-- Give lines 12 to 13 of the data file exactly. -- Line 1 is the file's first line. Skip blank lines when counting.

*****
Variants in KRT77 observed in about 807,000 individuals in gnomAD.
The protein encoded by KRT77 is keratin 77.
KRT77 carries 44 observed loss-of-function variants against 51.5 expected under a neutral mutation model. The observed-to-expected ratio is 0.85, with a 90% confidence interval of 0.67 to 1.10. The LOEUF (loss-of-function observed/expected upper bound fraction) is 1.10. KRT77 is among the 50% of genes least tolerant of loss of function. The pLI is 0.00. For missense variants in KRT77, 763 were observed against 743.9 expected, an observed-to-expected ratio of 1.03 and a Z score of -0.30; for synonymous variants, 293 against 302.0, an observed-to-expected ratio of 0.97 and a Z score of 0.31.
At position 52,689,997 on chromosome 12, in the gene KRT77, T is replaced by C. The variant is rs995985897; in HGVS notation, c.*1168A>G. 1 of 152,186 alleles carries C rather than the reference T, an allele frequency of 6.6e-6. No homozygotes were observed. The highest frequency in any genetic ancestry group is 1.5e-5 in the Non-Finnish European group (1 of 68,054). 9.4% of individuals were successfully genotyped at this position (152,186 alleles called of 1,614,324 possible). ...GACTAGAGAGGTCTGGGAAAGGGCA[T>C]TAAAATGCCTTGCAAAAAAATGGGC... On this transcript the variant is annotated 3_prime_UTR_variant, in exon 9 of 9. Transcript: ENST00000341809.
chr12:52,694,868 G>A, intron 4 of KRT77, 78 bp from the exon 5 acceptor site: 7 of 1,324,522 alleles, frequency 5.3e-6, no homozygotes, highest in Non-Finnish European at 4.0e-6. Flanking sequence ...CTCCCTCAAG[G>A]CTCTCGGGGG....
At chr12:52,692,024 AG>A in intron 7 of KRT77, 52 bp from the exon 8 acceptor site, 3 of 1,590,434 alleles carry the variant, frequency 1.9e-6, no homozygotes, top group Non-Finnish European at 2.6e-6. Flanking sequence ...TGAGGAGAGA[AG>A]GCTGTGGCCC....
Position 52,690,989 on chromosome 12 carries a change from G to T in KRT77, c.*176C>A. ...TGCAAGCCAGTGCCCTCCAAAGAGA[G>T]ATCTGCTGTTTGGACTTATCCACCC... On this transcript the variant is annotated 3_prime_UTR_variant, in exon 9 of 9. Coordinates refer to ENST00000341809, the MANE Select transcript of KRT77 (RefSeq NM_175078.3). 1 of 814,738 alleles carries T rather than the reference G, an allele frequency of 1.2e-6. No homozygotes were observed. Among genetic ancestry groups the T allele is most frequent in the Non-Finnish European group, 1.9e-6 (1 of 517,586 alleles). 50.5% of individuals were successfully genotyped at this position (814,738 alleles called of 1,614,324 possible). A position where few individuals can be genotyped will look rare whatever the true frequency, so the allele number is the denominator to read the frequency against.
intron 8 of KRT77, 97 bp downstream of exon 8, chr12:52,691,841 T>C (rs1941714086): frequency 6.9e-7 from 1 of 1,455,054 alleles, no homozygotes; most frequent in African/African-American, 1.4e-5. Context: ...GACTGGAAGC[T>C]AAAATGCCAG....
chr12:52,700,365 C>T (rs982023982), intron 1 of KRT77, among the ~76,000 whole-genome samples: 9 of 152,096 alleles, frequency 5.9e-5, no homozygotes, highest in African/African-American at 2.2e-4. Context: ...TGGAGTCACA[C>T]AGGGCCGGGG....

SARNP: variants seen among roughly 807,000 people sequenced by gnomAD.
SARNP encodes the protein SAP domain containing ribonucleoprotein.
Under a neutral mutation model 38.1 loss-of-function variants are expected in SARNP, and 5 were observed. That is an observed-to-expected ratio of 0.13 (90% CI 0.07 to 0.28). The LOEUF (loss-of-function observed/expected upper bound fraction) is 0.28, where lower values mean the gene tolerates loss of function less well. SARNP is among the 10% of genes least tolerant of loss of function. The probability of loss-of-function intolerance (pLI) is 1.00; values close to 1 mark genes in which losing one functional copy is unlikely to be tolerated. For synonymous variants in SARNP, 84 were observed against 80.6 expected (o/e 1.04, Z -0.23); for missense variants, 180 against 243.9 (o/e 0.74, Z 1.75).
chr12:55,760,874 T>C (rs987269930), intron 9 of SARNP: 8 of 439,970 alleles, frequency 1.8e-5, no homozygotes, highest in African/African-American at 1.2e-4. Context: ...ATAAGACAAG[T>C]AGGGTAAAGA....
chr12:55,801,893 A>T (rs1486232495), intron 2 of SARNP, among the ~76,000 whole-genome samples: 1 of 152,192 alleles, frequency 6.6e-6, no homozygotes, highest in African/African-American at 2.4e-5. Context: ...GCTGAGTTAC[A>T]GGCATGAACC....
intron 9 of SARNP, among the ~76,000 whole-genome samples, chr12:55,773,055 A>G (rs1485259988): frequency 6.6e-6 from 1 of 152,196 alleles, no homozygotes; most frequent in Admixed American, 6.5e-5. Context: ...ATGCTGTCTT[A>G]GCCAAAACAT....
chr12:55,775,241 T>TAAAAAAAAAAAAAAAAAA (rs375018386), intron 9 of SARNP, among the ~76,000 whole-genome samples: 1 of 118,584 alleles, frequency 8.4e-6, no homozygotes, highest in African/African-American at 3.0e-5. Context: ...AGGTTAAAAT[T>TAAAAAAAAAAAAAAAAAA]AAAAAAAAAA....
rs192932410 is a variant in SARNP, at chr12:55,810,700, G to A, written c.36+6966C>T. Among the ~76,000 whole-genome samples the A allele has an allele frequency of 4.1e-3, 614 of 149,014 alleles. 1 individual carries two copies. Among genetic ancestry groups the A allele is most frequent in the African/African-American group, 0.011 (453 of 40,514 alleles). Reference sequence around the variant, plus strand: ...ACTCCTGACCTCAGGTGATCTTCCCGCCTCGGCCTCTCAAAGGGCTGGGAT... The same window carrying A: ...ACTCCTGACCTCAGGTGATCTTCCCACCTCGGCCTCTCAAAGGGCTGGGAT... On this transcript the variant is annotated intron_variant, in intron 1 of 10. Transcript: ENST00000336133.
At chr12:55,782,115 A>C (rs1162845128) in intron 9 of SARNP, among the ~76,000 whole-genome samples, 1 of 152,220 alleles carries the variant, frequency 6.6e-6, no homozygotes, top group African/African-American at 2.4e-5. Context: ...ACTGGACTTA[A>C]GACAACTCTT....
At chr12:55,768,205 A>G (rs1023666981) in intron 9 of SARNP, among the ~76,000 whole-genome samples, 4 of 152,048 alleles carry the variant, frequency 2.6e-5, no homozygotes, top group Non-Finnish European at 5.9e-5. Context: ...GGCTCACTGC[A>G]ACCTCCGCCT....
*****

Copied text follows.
Under a neutral mutation model 38.1 loss-of-function variants are expected in SARNP, and 5 were observed. That is an observed-to-expected ratio of 0.13 (90% CI 0.07 to 0.28). The LOEUF (loss-of-function observed/expected upper bound fraction) is 0.28, where lower values mean the gene tolerates loss of function less well. SARNP is among the 10% of genes least tolerant of loss of function. The probability of loss-of-function intolerance (pLI) is 1.00; values close to 1 mark genes in which losing one functional copy is unlikely to be tolerated. For synonymous variants in SARNP, 84 were observed against 80.6 expected (o/e 1.04, Z -0.23); for missense variants, 180 against 243.9 (o/e 0.74, Z 1.75).
chr12:55,760,874 T>C (rs987269930), intron 9 of SARNP: 8 of 439,970 alleles, frequency 1.8e-5, no homozygotes, highest in African/African-American at 1.2e-4. Context: ...ATAAGACAAG[T>C]AGGGTAAAGA....